Zulu Dawn is a 1979 prequel to the 1964 film Zulu directed by Douglas Hickox (Brannigan) starring Peter O'Toole, Burt Lancaster, Simon Ward and Denholm Elliott. It dramatized the events at and leading up to the Battle of Isandlwana, which occurred right before the Battle of Rorke's Drift, which occurred later that day.
The following weapons were used in the film Zulu Dawn:
Webley Mk VI
The Webley Mk VI is carried by British officers and NCOs. Like the earlier film, Zulu, the Webley Mk VI stands in for the earlier Webley and Adams models which were either standard issue or privately purchased.
Colonel Pulleine (Denholm Elliott) carries a Webley Pryse as his service weapon. This weapon was commonly privately purchased by officers during this period. Mr. Fannin (Don Leonard), the Boer merchant who is chased by Zulu warriors, also appears to have this model pistol.
Some of the British troops are armed with Martini-Henry rifles.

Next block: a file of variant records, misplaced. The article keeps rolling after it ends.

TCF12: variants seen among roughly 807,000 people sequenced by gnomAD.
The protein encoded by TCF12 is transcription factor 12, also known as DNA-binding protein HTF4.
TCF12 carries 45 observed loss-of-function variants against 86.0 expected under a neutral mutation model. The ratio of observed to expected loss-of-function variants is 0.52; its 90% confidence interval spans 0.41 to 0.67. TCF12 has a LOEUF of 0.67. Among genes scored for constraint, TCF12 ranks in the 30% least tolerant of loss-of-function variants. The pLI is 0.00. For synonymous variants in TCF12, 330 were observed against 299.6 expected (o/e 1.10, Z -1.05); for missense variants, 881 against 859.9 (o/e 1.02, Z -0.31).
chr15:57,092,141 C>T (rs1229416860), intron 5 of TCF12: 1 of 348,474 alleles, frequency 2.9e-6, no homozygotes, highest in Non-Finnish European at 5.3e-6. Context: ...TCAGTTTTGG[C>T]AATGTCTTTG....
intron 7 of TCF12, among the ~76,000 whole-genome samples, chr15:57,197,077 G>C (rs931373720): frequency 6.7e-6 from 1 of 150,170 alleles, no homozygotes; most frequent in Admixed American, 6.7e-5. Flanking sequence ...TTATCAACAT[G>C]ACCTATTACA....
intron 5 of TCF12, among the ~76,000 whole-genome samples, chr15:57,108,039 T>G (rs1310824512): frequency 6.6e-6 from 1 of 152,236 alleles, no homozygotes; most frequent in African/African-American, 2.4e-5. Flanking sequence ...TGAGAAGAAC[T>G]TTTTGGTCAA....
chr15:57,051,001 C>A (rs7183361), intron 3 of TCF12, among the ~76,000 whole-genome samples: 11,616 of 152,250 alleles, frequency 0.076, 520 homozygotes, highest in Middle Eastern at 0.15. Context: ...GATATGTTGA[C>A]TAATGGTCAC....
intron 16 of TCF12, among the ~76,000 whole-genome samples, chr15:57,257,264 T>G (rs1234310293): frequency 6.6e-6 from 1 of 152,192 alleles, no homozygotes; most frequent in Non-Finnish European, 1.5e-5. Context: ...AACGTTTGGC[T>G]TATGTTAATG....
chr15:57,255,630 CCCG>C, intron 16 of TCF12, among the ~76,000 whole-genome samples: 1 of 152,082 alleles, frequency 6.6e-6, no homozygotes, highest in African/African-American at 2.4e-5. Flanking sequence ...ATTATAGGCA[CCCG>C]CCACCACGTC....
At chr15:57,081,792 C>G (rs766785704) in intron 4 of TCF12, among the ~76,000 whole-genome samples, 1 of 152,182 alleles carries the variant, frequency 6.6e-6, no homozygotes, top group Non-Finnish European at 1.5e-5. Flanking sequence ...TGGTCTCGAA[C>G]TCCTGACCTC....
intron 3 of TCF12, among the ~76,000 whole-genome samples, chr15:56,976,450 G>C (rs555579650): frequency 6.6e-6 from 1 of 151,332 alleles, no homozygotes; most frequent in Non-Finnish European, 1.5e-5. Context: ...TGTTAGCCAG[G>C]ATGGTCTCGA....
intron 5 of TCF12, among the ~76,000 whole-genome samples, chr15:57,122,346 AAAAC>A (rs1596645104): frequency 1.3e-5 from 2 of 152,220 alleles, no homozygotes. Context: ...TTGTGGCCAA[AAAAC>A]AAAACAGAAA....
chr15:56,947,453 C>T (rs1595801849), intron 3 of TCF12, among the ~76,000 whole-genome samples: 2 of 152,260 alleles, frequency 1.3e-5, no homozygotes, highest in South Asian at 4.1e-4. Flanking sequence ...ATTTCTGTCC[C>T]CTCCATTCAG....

Both cavalry and infantry use the Martini-Enfield Artillery carbine during the film, likely due to a shortage of .450 blanks. This is inaccurate as the infantry used the rifle version shown above. Mention is made that Col. Durnford's cavalry is wholly equipped with these weapons which is also inaccurate as in reality they were largely equipped with Sniders or Westley Richards carbines.
Short Magazine Lee-Enfield (SMLE)
During several of the battle scenes SMLEs can be seen being used by British troops. This is incorrect as these weapons were not produced until 1902.
Pattern 1914 Enfield
In the same scene, one soldier is seen with a Pattern 1914 Enfield rifle. This is also an anachronism.
Winchester Model 1892
Double barreled Rifle
William Vereker (Simon Ward) uses an unidentified side hammer double barreled rifle to demonstrate his riding and shooting skill to Col. Durnford (Burt Lancaster).
Snider Enfield Cavalry Carbine
A few of the Zulus are seen with Snider Enfield Cavalry Carbines.
The British are armed with a battery of Hale Rockets.
The artillery appears to be 9pdr RML Mk 2’s which are incorrect as the actual weapons used in the battle were much smaller 7pdr cannon.
There are many goofs in this film, in many scenes British soldiers switch from Henry Martini rifles and carbines between shots. During the battle only some of the British troops have bayonets fitted to their rifles when they should all have fitted them before the battle began. Many of the bayonets are either incorrectly fitted or obviously made of rubber. Also evident are the fact that many of the Henry Martini rifles are actually wooden props.